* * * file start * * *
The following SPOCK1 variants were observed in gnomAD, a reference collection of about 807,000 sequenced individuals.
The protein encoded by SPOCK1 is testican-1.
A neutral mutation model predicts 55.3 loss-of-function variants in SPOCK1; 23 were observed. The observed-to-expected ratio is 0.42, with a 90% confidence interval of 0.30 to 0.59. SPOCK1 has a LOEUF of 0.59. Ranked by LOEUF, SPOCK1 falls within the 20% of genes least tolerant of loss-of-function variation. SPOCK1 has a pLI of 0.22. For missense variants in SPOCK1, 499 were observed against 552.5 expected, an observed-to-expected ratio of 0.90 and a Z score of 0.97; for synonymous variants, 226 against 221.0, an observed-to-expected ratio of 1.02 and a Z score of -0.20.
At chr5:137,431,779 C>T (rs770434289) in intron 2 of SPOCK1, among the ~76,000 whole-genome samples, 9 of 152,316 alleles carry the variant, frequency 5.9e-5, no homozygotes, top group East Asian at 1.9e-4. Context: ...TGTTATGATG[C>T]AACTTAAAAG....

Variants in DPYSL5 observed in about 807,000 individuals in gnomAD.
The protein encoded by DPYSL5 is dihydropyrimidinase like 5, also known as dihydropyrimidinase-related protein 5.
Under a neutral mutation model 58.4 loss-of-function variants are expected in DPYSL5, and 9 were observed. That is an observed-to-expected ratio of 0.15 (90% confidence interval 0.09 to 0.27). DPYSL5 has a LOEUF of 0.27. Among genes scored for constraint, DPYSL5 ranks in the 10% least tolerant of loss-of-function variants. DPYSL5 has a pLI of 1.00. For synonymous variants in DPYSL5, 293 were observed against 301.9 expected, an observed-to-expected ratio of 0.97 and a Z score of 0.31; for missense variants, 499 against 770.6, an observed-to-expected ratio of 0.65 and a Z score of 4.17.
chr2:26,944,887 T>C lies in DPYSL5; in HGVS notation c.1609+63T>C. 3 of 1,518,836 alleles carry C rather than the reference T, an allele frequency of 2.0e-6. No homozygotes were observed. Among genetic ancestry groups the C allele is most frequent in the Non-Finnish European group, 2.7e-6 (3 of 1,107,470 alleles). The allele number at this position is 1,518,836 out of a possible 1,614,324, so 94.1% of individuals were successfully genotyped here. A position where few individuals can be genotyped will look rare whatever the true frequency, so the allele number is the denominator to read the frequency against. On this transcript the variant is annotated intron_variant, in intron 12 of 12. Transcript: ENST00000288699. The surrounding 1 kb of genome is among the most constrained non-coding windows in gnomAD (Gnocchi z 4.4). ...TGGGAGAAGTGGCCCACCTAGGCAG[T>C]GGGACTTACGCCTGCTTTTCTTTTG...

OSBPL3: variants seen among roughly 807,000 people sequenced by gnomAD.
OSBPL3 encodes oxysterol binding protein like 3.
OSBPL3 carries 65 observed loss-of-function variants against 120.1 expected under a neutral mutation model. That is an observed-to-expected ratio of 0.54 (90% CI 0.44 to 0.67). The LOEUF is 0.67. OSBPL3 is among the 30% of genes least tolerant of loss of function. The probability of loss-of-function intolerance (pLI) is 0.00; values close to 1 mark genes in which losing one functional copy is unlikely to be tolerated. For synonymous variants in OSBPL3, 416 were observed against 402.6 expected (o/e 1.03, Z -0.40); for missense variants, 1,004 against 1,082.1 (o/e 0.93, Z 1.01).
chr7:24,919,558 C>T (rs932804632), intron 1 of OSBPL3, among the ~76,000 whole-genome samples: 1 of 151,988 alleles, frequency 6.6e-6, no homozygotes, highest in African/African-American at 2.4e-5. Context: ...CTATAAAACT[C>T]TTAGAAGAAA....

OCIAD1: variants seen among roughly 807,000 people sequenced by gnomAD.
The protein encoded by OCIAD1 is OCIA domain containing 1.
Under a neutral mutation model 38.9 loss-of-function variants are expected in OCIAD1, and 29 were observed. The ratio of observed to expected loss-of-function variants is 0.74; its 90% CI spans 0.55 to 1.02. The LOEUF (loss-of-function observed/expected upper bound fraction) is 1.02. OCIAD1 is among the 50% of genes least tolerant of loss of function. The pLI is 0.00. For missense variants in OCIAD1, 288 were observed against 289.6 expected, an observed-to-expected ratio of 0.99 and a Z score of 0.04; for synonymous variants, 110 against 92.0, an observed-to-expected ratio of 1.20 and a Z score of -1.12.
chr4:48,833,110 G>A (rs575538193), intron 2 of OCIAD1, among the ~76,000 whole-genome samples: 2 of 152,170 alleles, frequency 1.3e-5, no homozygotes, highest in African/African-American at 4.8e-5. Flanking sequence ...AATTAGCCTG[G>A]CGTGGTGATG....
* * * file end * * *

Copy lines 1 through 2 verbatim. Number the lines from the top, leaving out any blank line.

The following SPOCK1 variants were observed in gnomAD, a reference collection of about 807,000 sequenced individuals.
The protein encoded by SPOCK1 is testican-1.